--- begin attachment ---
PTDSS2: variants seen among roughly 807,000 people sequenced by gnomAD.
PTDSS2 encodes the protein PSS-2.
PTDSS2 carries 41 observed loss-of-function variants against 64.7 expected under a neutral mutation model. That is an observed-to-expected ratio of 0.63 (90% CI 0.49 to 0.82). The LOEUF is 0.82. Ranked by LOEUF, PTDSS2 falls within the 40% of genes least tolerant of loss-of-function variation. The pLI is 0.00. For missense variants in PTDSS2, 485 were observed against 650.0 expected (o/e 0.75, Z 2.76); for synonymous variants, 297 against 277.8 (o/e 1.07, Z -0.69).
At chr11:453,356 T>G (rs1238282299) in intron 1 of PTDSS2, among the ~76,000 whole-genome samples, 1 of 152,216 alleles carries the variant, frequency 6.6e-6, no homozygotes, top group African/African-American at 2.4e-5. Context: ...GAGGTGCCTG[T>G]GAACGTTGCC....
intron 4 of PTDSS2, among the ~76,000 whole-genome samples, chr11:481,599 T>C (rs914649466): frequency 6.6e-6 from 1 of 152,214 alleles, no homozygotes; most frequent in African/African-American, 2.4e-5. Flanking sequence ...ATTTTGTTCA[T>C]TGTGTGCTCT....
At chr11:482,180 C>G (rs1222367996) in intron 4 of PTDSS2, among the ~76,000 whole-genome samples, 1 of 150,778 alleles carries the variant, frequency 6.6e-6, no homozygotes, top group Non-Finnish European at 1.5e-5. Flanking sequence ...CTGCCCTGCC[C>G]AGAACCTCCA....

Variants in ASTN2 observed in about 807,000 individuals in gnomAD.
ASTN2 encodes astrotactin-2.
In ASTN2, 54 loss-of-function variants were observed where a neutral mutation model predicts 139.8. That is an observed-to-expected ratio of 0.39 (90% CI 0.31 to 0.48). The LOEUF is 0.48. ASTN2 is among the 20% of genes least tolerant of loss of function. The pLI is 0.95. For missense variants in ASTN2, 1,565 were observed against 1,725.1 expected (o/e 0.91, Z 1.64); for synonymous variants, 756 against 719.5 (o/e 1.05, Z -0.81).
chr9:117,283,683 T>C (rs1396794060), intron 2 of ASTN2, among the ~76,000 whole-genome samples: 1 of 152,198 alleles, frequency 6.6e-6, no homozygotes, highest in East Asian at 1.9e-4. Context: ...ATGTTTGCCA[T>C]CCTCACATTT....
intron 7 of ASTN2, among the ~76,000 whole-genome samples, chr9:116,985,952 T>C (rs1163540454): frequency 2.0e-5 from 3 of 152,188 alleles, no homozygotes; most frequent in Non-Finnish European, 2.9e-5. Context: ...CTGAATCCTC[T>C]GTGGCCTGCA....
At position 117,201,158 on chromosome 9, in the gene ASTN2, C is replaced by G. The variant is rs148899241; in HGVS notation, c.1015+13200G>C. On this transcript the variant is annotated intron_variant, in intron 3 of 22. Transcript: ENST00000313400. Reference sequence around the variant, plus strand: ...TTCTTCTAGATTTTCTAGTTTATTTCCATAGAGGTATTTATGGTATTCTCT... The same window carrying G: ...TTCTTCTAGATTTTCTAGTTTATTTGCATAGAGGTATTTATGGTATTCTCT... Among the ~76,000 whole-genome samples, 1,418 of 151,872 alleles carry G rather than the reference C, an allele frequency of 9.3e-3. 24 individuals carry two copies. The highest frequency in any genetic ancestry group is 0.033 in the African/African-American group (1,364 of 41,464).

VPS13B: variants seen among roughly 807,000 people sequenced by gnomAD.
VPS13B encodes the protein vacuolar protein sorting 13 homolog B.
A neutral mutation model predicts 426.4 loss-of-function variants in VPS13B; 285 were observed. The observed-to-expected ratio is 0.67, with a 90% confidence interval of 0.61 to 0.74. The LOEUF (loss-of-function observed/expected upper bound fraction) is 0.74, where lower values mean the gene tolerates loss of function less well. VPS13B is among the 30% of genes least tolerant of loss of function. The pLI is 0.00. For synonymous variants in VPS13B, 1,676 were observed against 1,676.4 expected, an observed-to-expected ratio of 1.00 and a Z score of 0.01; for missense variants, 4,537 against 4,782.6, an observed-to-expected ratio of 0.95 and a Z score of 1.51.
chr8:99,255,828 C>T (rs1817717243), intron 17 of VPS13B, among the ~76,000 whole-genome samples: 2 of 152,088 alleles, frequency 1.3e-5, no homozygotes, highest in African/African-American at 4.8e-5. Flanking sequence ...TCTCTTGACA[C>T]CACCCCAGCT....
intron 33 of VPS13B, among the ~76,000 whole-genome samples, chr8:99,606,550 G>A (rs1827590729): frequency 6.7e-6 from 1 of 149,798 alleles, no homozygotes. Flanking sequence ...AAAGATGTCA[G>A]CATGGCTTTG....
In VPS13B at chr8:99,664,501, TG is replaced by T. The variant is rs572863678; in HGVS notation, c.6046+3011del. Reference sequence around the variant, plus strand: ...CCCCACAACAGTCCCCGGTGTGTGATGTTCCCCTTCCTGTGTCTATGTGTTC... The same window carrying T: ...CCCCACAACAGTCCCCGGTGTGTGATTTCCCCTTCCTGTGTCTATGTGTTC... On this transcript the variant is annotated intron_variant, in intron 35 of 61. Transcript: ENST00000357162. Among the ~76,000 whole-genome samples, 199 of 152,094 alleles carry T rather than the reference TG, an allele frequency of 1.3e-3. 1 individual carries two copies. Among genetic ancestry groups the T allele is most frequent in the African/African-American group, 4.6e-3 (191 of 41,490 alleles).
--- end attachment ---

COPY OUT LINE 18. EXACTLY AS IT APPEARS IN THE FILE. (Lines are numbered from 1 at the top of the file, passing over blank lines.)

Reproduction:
In VPS13B at chr8:99,664,501, TG is replaced by T. The variant is rs572863678; in HGVS notation, c.6046+3011del. Reference sequence around the variant, plus strand: ...CCCCACAACAGTCCCCGGTGTGTGATGTTCCCCTTCCTGTGTCTATGTGTTC... The same window carrying T: ...CCCCACAACAGTCCCCGGTGTGTGATTTCCCCTTCCTGTGTCTATGTGTTC... On this transcript the variant is annotated intron_variant, in intron 35 of 61. Transcript: ENST00000357162. Among the ~76,000 whole-genome samples, 199 of 152,094 alleles carry T rather than the reference TG, an allele frequency of 1.3e-3. 1 individual carries two copies. Among genetic ancestry groups the T allele is most frequent in the African/African-American group, 4.6e-3 (191 of 41,490 alleles).